Volunteers of Essendon and Flemington, 1914-1918
Avenue of Honour
The Boulevard, Aberfeldie
The Avenue of Honour on The Boulevard next to the Maribyrnong River, from the western end.
The original Avenue of Honour was planted in 1920, with the Petty Officers of the Renown performing the ceremonial planting. The Renown was on a good will tour of the Dominions with the Prince of Wales. The chosen trees, cypresses, had a finite life-span and by the 1990s had become dangerous, dropping limbs. The Moonee Valley Council removed all the cypresses over a period of time, and the Avenue was replanted with Kauri pines, and rededicated on Armistice Day, 1999.
This aerial photo from 1945 shows the extent of the Avenue plantings, from the original plantings near the Essendon Rowing Club boatshed to the as yet unformed Afton Street. Originally on one side of The Boulevard, a second row of tiny pinpoints in the photo shows a further planting on the other side of the Boulevard. The white rectangles in the bottom right corner are temporary housing for WW2 defence workers. Source: University of Melbourne Map Collection. Melbourne 1945 Photo-maps. http://www.lib.unimelb.edu.au/collections/maps/historical/1945melb/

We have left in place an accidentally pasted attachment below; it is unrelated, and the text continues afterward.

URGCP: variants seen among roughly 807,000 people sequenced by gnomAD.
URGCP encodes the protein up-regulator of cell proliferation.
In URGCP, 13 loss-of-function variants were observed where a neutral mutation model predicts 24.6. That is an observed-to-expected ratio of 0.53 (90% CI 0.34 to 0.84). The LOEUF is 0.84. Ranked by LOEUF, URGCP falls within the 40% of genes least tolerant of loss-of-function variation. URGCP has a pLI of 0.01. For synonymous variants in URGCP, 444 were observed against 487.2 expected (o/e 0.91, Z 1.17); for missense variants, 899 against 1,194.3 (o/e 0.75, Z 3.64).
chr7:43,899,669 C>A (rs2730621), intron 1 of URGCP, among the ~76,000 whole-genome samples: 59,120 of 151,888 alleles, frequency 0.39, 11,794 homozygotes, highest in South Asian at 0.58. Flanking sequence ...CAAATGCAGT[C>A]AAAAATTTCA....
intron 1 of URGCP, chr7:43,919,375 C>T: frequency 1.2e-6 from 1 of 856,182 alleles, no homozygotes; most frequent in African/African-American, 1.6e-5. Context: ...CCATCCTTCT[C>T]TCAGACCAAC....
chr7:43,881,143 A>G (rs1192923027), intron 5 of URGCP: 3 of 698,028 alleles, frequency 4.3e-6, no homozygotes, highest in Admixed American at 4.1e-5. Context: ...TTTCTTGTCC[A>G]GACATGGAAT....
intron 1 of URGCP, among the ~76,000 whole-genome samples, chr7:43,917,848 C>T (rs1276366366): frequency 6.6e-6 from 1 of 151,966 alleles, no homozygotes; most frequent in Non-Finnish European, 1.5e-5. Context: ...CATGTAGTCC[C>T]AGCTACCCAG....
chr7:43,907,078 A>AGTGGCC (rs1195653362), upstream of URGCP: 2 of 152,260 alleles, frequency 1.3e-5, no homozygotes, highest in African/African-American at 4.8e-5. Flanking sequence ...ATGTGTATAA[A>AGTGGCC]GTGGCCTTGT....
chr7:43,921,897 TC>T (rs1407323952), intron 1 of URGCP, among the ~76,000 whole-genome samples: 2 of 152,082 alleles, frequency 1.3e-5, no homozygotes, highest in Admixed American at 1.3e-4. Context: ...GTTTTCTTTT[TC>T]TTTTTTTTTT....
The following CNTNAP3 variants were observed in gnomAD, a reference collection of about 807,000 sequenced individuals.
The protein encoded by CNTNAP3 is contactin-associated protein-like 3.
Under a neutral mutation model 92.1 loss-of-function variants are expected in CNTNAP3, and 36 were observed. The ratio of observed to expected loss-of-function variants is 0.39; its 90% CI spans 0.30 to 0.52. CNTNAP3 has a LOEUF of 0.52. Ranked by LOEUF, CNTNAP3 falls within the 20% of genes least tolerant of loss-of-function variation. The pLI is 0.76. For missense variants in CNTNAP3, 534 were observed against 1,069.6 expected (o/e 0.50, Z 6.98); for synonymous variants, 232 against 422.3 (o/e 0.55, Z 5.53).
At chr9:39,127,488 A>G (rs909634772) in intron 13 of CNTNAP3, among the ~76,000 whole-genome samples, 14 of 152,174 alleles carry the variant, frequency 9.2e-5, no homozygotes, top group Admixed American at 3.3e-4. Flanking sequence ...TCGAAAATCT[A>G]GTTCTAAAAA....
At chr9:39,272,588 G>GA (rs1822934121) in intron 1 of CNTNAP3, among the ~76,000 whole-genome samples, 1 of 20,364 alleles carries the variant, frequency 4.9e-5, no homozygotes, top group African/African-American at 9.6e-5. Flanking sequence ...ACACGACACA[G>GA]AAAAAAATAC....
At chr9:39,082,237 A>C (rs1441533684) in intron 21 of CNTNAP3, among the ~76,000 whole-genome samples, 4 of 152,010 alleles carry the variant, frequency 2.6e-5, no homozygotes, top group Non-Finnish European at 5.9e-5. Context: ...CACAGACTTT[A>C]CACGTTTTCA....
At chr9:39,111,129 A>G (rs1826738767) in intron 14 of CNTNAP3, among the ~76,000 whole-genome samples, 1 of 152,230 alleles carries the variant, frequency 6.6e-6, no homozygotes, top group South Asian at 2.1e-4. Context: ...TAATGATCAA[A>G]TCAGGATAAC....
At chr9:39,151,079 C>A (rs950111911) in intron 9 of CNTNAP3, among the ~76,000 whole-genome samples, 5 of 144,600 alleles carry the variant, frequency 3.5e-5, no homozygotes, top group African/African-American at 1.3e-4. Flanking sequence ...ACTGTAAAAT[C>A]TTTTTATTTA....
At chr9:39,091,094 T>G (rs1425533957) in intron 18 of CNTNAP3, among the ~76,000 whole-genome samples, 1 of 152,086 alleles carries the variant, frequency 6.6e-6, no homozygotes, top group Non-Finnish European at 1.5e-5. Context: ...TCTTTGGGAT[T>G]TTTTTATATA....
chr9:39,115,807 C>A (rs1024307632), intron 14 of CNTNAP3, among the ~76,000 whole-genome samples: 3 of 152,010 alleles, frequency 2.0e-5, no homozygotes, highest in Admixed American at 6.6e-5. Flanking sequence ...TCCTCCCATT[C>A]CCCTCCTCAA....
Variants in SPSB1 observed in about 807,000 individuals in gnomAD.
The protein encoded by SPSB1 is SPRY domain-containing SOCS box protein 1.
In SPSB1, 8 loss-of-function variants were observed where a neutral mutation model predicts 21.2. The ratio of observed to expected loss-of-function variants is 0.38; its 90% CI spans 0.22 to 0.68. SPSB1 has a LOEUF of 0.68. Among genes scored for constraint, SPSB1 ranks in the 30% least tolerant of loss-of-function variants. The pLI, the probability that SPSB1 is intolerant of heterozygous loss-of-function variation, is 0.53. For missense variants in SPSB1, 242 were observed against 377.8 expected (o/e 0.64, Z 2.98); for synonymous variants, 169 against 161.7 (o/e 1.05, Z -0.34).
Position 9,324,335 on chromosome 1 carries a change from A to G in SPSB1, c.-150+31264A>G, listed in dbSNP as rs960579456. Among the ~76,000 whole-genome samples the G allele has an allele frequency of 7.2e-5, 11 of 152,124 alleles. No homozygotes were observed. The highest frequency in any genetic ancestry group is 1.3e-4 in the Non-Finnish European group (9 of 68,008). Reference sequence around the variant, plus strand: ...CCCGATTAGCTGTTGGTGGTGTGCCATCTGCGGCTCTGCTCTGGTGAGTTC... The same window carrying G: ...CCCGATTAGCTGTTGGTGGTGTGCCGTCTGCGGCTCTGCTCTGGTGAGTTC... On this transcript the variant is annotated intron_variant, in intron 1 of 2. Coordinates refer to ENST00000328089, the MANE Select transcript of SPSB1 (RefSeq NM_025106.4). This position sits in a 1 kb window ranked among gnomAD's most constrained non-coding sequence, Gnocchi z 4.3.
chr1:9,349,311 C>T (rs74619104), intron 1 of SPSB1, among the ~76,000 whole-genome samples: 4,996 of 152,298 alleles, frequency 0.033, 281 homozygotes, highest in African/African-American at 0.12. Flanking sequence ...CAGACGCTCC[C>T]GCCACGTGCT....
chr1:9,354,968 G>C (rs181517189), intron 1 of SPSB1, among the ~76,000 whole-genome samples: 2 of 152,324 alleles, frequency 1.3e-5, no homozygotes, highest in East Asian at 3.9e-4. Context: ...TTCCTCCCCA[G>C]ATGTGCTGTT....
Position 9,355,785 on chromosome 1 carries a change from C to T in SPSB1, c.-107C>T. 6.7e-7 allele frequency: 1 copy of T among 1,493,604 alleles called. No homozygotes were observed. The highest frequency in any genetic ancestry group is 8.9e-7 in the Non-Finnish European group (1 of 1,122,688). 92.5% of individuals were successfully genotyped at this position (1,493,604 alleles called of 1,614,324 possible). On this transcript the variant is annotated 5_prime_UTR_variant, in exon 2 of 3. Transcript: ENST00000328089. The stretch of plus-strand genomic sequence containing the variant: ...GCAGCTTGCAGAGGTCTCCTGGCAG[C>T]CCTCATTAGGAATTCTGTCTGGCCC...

Although originally intended to commemorate the local volunteers, the very large number of them made it a logistical problem, resolved by dedicating the first plantings to Royal Naval vessels which were sunk in the Battle of Jutland in 1916, with appalling loss of life: Queen Mary, Shark, Black Prince, Invincible, Nestor, Warrior, Nomad, Tipperary, Defence. Ships sunk elsewhere are also included: Lynx, sunk at Moray Firth; Good Hope at Coronel; and Irresistible at the Dardanelles.
Photos by Lenore Frost, 2013.